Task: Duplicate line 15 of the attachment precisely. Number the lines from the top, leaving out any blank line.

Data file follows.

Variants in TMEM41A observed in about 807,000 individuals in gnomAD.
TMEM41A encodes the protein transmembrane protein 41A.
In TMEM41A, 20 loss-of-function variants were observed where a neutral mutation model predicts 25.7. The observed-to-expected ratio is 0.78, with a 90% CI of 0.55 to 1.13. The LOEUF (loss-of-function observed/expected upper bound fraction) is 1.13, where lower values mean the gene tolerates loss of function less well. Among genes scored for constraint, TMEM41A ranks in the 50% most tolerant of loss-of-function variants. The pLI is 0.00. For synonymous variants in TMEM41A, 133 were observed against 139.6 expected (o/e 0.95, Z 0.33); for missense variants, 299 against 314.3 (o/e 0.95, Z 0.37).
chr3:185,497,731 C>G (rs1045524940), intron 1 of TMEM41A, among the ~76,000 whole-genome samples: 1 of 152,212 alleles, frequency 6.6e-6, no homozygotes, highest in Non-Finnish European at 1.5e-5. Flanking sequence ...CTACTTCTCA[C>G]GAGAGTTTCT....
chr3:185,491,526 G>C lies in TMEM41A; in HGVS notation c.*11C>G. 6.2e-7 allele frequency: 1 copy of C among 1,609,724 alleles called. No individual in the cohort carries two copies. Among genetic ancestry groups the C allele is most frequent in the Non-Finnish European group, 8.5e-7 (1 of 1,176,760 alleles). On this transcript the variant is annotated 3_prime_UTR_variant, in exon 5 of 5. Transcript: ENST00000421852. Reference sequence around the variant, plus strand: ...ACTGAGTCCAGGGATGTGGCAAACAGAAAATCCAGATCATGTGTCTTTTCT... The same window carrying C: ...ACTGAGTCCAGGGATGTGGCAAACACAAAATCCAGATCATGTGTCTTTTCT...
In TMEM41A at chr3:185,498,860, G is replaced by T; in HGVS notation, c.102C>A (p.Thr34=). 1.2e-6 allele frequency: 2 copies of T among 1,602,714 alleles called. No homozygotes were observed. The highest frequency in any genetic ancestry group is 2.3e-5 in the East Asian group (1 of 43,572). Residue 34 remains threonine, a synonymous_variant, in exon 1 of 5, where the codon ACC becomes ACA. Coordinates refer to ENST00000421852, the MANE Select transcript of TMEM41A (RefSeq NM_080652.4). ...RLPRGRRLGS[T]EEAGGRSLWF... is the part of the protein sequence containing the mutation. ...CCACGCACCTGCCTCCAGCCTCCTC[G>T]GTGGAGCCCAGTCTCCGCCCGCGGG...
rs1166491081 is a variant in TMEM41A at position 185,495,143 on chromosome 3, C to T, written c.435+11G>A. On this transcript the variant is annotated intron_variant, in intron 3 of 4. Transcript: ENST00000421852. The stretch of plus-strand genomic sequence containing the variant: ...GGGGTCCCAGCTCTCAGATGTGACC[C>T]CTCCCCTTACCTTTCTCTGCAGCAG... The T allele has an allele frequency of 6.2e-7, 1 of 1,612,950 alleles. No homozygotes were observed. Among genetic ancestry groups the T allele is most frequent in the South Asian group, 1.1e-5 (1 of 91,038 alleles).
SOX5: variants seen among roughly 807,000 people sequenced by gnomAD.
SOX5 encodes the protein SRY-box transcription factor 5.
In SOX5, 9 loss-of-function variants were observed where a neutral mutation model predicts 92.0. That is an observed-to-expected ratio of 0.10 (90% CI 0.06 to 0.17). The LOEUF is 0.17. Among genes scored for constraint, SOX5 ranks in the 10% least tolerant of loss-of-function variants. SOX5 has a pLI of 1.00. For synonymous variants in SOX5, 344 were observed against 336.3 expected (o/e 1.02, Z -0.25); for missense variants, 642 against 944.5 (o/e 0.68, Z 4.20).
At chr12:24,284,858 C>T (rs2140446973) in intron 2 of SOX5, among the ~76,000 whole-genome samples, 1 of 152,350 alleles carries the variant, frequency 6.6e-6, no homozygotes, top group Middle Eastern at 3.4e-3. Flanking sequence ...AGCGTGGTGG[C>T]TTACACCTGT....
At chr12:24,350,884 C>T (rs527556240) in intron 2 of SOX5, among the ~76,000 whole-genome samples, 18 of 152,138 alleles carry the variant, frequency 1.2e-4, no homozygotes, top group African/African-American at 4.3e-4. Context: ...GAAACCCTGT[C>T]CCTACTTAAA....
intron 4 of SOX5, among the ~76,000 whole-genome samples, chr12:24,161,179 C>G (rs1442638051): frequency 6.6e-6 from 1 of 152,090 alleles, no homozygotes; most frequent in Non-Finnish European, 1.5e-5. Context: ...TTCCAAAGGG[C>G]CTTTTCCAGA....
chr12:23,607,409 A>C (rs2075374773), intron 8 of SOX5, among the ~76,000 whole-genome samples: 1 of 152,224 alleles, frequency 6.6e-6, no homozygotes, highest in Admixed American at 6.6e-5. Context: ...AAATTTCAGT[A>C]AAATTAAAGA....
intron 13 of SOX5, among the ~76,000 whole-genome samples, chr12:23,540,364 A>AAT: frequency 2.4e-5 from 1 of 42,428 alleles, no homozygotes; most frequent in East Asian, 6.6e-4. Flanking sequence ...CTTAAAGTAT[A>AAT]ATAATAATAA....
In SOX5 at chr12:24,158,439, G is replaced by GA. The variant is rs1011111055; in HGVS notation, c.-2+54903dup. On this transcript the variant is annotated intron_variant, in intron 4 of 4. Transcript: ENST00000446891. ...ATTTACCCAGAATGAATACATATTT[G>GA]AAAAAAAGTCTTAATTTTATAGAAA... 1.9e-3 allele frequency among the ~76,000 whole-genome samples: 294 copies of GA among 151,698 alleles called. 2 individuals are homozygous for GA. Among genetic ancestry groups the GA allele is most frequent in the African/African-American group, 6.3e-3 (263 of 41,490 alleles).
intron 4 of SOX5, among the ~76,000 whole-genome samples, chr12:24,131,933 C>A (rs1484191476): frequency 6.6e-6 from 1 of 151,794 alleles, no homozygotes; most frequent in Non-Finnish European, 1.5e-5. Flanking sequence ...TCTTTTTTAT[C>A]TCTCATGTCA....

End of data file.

intron 13 of SOX5, among the ~76,000 whole-genome samples, chr12:23,540,364 A>AAT: frequency 2.4e-5 from 1 of 42,428 alleles, no homozygotes; most frequent in East Asian, 6.6e-4. Flanking sequence ...CTTAAAGTAT[A>AAT]ATAATAATAA....